- Dad notices his son has started attending Refuge Recovery meetings once a week and says something like, “I appreciate how tired and difficult it must be to get to a meeting after a day at work, I am proud of your effort. Let’s grab a bite to eat together.”
REINFORCING POSITIVE BEHAVIOR IS WHEN THE REWARD IS GIVEN AFTER THE BEHAVIOR IS OBSERVED.
Incentives: When they might backfire
We, as loving family members, start to attach our feelings, wants and expectations to the strategies we try, including bribes or incentives. Here’s a scenario where “showing all your cards” can really backfire:
Incentive Scenario Gone Wrong:
The son with SUD comes home talking about Refuge Recovery (RR) meetings he learned about that day. He expresses that a few of his friends have been talking them up and the son thinks he might give them a try. Dad listens and thinks this is great. Knowing the son is struggling to make ends meet and with good intentions, dad holds out an incentive to buy groceries for his son if the son attends a meeting. The son says, “Really? You would do that?” Dad is now elated because he believes he may have hit on something that might work.
A day or two later, Dad asks the son, “Where and when are the Refuge Recovery meetings?” The son tells Dad he is not sure, he needs to look them up. A day later Dad asks, “Did you look up the times and locations of the Refuge Recovery meetings?” The son replies, “Nope. I will…” The next day, Dad offers to look up the information on the meetings. Again, a negative response from the son and now he is starting to seem a little irritated.
A couple of days later, as anxiety starts to come to the surface for Dad because it does not seem his son is going to take him up on his offer, he asks, “Hey son. Don’t you want those groceries I promised? All you have to do is attend a meeting?” The son yells, “God dad, can’t you just leave me alone?! Stay out of my life, I can figure things out on my own. You have to control everything. I’m not going to a RR meeting. Not now, not ever, because of you!”
What went wrong?
Everything Dad did and said was well intended. Can’t we all imagine what was going on in Dad’s head? “Great! I am on to something. Something that might help my son with his recovery. I’m on it.” Then a couple of days later: “Why won’t he just go to a meeting? If he would just go, I really think he will like it. He might meet people and have some new friends that are sober. He might find some more support for his recovery. And groceries to boot! Why isn’t he taking me up on my offer? I know, I’ll help by offering to look up information for him.”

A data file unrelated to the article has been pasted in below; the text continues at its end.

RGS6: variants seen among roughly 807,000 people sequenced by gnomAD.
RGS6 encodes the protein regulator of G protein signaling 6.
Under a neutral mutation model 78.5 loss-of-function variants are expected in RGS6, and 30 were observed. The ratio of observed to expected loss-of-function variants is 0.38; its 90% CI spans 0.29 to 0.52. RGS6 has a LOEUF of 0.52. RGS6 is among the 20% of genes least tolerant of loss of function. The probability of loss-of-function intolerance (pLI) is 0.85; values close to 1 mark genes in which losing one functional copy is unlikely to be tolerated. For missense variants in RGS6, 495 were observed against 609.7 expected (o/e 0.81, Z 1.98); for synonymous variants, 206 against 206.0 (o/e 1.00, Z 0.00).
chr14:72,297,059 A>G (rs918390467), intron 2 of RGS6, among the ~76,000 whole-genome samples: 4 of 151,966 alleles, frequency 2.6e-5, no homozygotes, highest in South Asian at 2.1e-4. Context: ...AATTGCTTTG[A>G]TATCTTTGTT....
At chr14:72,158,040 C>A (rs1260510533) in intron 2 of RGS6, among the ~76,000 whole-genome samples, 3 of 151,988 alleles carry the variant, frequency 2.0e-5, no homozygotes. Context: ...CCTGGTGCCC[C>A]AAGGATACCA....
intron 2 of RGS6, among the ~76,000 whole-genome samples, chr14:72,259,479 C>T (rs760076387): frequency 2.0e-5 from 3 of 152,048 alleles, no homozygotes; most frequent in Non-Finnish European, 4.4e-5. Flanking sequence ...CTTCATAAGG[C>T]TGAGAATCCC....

Then when none of this works, he brings up the groceries again!!!
Showing all your cards might mean you’re trying to control instead of listen
Dad allowed his obsessive thoughts, worries, and expectations of his son to take hold and derail his well-intentioned plan. In fact, it seems that in that moment, he may have pushed his son away from attending RR meetings. Dad is “showing all of his cards” because the son now knows that his incentive goes deeper than just support. It is attached to a particular behavior and expectation. It’s Dad’s attempt to control the situation. Maybe Dad can take this opportunity to really listen and respect his son’s wishes and, most of all, to let him find his own pathway to recovery.
The son’s response can also spiral Dad into feelings of hurt, frustration, anger and/or fear. I often hear family members express confusion about why their loved one might respond this way in similar situations. Many times, they will internalize and take the comments personally. Our thoughts can turn to, “I’m just trying to help,” “If she would just listen,” and many other negative thoughts and feelings about our loved one and ourselves. Confused and upset, we start to assume and assign beliefs onto our loved one like, “She’s so ungrateful,” “He has no respect for me,” and “She’s so selfish.”
Instead, maybe we can break the pattern of our own negative behavior by taking a pause, reflecting, and determining what about our actions and words we can alter for the better. Placing ourselves in our loved one’s shoes might help in future interactions.
“One and Done” – How incentives can be used more successfully
I have found that incentives can work with a method I call “One and Done.” It’s very simple but can be difficult to implement because it requires that the caring family member not let their obsessive thoughts take the lead. Also, they cannot show any expectation of a particular behavior from their loved one.
Let’s take a look at how Dad could have had a better outcome in the previous example:
The son with SUD comes home talking about Refuge Recovery meetings he learned about that day. He expresses that a few of his friends have been talking them up and the son thinks he might give them a try. Dad listens and thinks this is great. With good intentions, Dad holds out an incentive to buy groceries for his son if the son attends a meeting, knowing the son is struggling to make ends meet. The son says, “Really? You would do that?” Dad is now elated because he believes he may have hit on something that might work.